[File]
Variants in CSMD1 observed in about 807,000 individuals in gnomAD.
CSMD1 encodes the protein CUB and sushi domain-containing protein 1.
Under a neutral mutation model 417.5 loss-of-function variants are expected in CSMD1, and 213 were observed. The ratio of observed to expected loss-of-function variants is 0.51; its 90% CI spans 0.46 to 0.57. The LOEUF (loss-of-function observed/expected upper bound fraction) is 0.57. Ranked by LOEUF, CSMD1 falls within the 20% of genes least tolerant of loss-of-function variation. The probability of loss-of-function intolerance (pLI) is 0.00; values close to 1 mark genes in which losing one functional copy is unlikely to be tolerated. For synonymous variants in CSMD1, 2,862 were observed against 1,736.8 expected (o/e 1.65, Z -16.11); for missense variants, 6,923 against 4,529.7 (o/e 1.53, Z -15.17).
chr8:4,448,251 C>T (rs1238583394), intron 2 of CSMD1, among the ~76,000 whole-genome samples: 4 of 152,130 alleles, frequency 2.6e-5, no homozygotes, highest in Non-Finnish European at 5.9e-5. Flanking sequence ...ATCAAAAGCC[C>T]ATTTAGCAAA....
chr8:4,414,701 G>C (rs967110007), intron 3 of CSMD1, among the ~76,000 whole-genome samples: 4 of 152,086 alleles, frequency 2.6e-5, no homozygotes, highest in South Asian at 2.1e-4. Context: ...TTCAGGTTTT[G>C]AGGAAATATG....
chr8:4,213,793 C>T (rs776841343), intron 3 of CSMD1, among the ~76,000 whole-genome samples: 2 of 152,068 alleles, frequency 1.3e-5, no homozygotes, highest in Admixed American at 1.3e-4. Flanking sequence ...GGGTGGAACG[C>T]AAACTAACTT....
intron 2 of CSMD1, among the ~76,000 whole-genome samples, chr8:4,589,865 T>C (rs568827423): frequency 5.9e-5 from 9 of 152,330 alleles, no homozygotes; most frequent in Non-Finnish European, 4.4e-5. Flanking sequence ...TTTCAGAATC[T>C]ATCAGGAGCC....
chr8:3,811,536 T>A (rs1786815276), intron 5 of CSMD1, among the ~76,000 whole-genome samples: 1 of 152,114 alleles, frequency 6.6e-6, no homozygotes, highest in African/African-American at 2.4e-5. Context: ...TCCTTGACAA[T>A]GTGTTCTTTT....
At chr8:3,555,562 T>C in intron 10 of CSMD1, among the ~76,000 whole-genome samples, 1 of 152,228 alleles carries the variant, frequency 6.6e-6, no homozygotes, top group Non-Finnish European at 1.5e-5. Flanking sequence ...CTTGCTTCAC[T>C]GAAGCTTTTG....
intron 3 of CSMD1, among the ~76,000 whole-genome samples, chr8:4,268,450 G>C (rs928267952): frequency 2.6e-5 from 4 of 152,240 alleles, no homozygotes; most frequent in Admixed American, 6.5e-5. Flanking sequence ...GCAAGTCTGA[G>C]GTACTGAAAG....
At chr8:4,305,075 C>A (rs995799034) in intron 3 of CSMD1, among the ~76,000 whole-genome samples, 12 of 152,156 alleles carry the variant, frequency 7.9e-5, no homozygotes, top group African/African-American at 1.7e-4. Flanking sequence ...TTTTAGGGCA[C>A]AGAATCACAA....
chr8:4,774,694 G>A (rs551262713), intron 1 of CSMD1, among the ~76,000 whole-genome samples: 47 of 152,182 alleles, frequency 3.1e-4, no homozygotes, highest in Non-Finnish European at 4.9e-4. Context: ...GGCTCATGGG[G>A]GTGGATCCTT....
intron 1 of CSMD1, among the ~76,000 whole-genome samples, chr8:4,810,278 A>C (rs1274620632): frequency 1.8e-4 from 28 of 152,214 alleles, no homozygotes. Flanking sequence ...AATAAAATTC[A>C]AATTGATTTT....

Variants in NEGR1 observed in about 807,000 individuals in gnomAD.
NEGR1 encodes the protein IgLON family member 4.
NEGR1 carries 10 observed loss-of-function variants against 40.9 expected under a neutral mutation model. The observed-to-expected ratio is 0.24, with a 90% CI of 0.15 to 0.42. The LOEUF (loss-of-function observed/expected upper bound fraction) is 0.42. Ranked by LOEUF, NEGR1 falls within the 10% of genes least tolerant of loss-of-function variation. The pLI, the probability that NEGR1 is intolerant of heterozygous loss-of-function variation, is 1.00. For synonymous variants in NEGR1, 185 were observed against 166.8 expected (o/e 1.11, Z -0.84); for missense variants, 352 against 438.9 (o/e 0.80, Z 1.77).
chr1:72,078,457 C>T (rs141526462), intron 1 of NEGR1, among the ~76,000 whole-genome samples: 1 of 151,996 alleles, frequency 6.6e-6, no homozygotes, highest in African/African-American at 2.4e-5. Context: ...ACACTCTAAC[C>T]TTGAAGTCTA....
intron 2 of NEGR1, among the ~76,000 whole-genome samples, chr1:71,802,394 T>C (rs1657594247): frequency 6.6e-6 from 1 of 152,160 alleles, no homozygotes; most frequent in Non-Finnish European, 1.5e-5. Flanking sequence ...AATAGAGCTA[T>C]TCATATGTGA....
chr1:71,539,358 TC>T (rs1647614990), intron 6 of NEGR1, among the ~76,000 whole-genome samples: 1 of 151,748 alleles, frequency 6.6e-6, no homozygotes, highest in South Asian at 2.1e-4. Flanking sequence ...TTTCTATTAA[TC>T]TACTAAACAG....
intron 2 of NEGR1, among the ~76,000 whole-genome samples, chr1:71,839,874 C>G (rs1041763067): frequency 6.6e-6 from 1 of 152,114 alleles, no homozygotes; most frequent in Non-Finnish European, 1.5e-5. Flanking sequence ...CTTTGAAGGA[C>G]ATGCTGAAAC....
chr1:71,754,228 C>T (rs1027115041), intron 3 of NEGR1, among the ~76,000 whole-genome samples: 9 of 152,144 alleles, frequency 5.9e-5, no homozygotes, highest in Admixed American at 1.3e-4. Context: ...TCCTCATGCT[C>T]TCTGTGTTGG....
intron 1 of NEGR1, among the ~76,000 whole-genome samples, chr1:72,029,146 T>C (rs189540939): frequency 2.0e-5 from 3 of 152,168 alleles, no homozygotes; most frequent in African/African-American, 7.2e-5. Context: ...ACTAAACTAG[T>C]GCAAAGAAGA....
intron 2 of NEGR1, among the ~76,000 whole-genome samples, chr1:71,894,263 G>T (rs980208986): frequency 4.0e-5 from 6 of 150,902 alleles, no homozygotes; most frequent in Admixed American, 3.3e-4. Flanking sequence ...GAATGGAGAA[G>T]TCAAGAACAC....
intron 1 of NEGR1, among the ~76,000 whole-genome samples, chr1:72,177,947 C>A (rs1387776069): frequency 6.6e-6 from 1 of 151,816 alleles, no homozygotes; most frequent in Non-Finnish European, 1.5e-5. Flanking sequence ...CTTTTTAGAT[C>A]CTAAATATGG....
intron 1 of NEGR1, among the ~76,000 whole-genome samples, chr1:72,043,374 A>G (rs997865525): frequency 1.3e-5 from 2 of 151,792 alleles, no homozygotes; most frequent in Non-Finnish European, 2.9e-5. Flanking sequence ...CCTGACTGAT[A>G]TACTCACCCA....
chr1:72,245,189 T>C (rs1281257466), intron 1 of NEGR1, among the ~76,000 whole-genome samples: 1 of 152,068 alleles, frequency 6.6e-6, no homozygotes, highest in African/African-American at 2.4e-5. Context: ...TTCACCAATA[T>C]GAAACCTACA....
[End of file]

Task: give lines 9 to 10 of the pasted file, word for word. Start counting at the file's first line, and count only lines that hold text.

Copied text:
At chr8:3,555,562 T>C in intron 10 of CSMD1, among the ~76,000 whole-genome samples, 1 of 152,228 alleles carries the variant, frequency 6.6e-6, no homozygotes, top group Non-Finnish European at 1.5e-5. Flanking sequence ...CTTGCTTCAC[T>C]GAAGCTTTTG....
intron 3 of CSMD1, among the ~76,000 whole-genome samples, chr8:4,268,450 G>C (rs928267952): frequency 2.6e-5 from 4 of 152,240 alleles, no homozygotes; most frequent in Admixed American, 6.5e-5. Flanking sequence ...GCAAGTCTGA[G>C]GTACTGAAAG....